From The Journal of Contemporary Photography Volume VI, 2003: “Those Who Have Addressed Gods: Carol Munder’s Voiceless Tales” by Annie Dillard
April 11, 2012 § Leave a comment
“Only the beauty of the body remains of those who have addressed gods. Like all motionless things under the sky, they appear to wait out their days. Photography is intrinsically about time, as you cannot see the present on any print, but only some shred of the past. Photographing very old, physically unchanged votaries throws a curve—the silence of eternity—into the picture.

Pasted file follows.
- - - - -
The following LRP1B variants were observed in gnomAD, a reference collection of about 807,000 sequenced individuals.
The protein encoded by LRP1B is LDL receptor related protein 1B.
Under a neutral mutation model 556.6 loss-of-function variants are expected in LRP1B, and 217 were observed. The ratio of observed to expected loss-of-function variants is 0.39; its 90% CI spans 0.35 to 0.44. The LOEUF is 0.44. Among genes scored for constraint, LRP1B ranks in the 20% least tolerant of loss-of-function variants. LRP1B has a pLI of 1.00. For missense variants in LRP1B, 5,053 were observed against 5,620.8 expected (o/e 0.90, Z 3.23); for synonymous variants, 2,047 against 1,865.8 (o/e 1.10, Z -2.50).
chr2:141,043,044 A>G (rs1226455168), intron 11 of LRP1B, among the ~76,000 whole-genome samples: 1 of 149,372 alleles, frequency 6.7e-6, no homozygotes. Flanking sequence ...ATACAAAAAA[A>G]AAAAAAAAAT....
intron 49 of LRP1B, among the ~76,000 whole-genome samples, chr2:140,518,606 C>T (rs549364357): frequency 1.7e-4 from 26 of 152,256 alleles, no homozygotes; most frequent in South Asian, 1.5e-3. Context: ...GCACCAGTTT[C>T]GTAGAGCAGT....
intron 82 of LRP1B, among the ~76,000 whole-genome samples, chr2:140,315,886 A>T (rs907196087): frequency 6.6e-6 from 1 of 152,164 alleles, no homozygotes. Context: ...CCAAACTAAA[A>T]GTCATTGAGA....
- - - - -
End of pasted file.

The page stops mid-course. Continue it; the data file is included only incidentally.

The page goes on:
The chief thing we know: Munder prints awaken them and still them at a blow. They are exiles from lands and times that no one remembers. Their translucent edges are as crucial as their dark torsos. More layers wrap them than a mummy: their mixed metals, their makers’ hands, their peoples’ prayers and pots, their own long paralysis while time covered their world. Their as-it-were personal loss rendered the votaries inchoate and blind as well as triply mute. Their present museum cases and Munder’s plastic lenses add more layers, as do her genius, her art’s sophistication and heart’s warmth, and the ﬁlm, chemicals, paper, frame’s glass, and now book, and now you.”
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